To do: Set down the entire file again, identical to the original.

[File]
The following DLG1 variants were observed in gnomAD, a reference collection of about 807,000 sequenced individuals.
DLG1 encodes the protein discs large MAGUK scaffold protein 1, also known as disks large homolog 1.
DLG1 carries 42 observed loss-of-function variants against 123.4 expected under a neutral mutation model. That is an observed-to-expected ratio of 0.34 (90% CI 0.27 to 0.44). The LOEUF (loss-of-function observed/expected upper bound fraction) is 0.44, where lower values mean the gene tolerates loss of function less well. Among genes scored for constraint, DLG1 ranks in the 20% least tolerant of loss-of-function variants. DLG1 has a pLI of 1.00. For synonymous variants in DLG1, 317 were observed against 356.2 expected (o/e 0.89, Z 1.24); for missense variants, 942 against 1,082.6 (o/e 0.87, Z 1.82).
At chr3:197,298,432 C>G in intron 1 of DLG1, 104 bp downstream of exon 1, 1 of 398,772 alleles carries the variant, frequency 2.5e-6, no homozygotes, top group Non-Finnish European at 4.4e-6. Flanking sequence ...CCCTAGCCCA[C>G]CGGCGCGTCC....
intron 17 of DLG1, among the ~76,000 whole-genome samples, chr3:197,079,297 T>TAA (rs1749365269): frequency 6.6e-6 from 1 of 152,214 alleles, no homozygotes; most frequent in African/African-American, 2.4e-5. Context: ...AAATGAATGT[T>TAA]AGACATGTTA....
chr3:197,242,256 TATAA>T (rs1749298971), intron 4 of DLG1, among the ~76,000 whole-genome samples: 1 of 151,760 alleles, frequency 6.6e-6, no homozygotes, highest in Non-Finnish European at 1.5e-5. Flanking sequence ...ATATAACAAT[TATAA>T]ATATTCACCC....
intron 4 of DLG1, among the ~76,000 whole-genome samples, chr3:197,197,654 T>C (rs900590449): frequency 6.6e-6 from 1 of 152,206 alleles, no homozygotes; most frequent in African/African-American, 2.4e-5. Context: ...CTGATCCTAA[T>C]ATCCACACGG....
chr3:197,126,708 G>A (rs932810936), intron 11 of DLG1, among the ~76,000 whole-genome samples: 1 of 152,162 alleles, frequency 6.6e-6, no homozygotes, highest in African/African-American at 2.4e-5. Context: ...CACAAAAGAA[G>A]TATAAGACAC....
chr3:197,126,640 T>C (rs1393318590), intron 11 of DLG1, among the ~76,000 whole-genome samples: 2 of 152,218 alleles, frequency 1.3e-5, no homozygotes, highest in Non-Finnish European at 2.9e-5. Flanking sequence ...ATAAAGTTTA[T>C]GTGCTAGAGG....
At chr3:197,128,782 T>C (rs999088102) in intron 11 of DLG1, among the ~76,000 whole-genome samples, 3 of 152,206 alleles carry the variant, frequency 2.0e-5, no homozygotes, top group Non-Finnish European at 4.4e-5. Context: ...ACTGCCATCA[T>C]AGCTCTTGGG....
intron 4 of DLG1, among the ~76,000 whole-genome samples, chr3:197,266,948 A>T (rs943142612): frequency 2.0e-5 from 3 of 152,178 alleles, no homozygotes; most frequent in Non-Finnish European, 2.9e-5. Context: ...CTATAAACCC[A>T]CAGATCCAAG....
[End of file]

The following DLG1 variants were observed in gnomAD, a reference collection of about 807,000 sequenced individuals.
DLG1 encodes the protein discs large MAGUK scaffold protein 1, also known as disks large homolog 1.
DLG1 carries 42 observed loss-of-function variants against 123.4 expected under a neutral mutation model. That is an observed-to-expected ratio of 0.34 (90% CI 0.27 to 0.44). The LOEUF (loss-of-function observed/expected upper bound fraction) is 0.44, where lower values mean the gene tolerates loss of function less well. Among genes scored for constraint, DLG1 ranks in the 20% least tolerant of loss-of-function variants. DLG1 has a pLI of 1.00. For synonymous variants in DLG1, 317 were observed against 356.2 expected (o/e 0.89, Z 1.24); for missense variants, 942 against 1,082.6 (o/e 0.87, Z 1.82).
At chr3:197,298,432 C>G in intron 1 of DLG1, 104 bp downstream of exon 1, 1 of 398,772 alleles carries the variant, frequency 2.5e-6, no homozygotes, top group Non-Finnish European at 4.4e-6. Flanking sequence ...CCCTAGCCCA[C>G]CGGCGCGTCC....
intron 17 of DLG1, among the ~76,000 whole-genome samples, chr3:197,079,297 T>TAA (rs1749365269): frequency 6.6e-6 from 1 of 152,214 alleles, no homozygotes; most frequent in African/African-American, 2.4e-5. Context: ...AAATGAATGT[T>TAA]AGACATGTTA....
chr3:197,242,256 TATAA>T (rs1749298971), intron 4 of DLG1, among the ~76,000 whole-genome samples: 1 of 151,760 alleles, frequency 6.6e-6, no homozygotes, highest in Non-Finnish European at 1.5e-5. Flanking sequence ...ATATAACAAT[TATAA>T]ATATTCACCC....
intron 4 of DLG1, among the ~76,000 whole-genome samples, chr3:197,197,654 T>C (rs900590449): frequency 6.6e-6 from 1 of 152,206 alleles, no homozygotes; most frequent in African/African-American, 2.4e-5. Context: ...CTGATCCTAA[T>C]ATCCACACGG....
chr3:197,126,708 G>A (rs932810936), intron 11 of DLG1, among the ~76,000 whole-genome samples: 1 of 152,162 alleles, frequency 6.6e-6, no homozygotes, highest in African/African-American at 2.4e-5. Context: ...CACAAAAGAA[G>A]TATAAGACAC....
chr3:197,126,640 T>C (rs1393318590), intron 11 of DLG1, among the ~76,000 whole-genome samples: 2 of 152,218 alleles, frequency 1.3e-5, no homozygotes, highest in Non-Finnish European at 2.9e-5. Flanking sequence ...ATAAAGTTTA[T>C]GTGCTAGAGG....
At chr3:197,128,782 T>C (rs999088102) in intron 11 of DLG1, among the ~76,000 whole-genome samples, 3 of 152,206 alleles carry the variant, frequency 2.0e-5, no homozygotes, top group Non-Finnish European at 4.4e-5. Context: ...ACTGCCATCA[T>C]AGCTCTTGGG....
intron 4 of DLG1, among the ~76,000 whole-genome samples, chr3:197,266,948 A>T (rs943142612): frequency 2.0e-5 from 3 of 152,178 alleles, no homozygotes; most frequent in Non-Finnish European, 2.9e-5. Context: ...CTATAAACCC[A>T]CAGATCCAAG....